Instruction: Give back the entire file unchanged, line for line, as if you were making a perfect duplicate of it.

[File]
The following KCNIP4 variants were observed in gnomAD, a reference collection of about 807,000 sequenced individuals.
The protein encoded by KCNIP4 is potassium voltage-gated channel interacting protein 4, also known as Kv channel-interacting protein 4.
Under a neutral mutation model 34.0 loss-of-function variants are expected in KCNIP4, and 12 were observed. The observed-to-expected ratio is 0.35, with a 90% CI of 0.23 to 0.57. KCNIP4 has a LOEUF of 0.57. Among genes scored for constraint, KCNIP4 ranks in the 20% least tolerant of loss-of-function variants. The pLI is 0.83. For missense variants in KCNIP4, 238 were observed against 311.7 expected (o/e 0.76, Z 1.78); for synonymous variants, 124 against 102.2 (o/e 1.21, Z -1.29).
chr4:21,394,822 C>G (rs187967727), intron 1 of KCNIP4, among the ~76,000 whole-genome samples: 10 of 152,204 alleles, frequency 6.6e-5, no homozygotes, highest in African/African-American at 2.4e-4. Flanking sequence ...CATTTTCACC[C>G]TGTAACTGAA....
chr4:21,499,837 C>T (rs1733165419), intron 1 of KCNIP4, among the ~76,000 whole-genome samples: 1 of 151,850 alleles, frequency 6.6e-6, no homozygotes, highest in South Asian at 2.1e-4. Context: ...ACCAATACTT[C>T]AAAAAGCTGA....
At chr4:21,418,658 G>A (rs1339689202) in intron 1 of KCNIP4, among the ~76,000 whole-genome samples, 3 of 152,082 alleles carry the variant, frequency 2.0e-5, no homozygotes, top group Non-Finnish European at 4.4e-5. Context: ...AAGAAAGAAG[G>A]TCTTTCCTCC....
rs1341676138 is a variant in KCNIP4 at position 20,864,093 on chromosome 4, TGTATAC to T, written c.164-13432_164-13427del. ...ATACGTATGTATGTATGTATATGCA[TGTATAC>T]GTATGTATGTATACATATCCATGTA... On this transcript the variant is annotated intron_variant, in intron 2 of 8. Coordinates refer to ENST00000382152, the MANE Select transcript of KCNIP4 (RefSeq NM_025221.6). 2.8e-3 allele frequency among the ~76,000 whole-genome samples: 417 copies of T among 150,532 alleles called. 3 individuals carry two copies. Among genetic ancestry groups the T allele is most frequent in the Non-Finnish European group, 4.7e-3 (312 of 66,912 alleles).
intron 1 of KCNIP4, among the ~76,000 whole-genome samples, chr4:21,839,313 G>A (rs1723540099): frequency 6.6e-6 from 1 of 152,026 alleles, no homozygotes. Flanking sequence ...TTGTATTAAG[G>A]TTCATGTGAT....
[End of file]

The following KCNIP4 variants were observed in gnomAD, a reference collection of about 807,000 sequenced individuals.
The protein encoded by KCNIP4 is potassium voltage-gated channel interacting protein 4, also known as Kv channel-interacting protein 4.
Under a neutral mutation model 34.0 loss-of-function variants are expected in KCNIP4, and 12 were observed. The observed-to-expected ratio is 0.35, with a 90% CI of 0.23 to 0.57. KCNIP4 has a LOEUF of 0.57. Among genes scored for constraint, KCNIP4 ranks in the 20% least tolerant of loss-of-function variants. The pLI is 0.83. For missense variants in KCNIP4, 238 were observed against 311.7 expected (o/e 0.76, Z 1.78); for synonymous variants, 124 against 102.2 (o/e 1.21, Z -1.29).
chr4:21,394,822 C>G (rs187967727), intron 1 of KCNIP4, among the ~76,000 whole-genome samples: 10 of 152,204 alleles, frequency 6.6e-5, no homozygotes, highest in African/African-American at 2.4e-4. Flanking sequence ...CATTTTCACC[C>G]TGTAACTGAA....
chr4:21,499,837 C>T (rs1733165419), intron 1 of KCNIP4, among the ~76,000 whole-genome samples: 1 of 151,850 alleles, frequency 6.6e-6, no homozygotes, highest in South Asian at 2.1e-4. Context: ...ACCAATACTT[C>T]AAAAAGCTGA....
At chr4:21,418,658 G>A (rs1339689202) in intron 1 of KCNIP4, among the ~76,000 whole-genome samples, 3 of 152,082 alleles carry the variant, frequency 2.0e-5, no homozygotes, top group Non-Finnish European at 4.4e-5. Context: ...AAGAAAGAAG[G>A]TCTTTCCTCC....
rs1341676138 is a variant in KCNIP4 at position 20,864,093 on chromosome 4, TGTATAC to T, written c.164-13432_164-13427del. ...ATACGTATGTATGTATGTATATGCA[TGTATAC>T]GTATGTATGTATACATATCCATGTA... On this transcript the variant is annotated intron_variant, in intron 2 of 8. Coordinates refer to ENST00000382152, the MANE Select transcript of KCNIP4 (RefSeq NM_025221.6). 2.8e-3 allele frequency among the ~76,000 whole-genome samples: 417 copies of T among 150,532 alleles called. 3 individuals carry two copies. Among genetic ancestry groups the T allele is most frequent in the Non-Finnish European group, 4.7e-3 (312 of 66,912 alleles).
intron 1 of KCNIP4, among the ~76,000 whole-genome samples, chr4:21,839,313 G>A (rs1723540099): frequency 6.6e-6 from 1 of 152,026 alleles, no homozygotes. Flanking sequence ...TTGTATTAAG[G>A]TTCATGTGAT....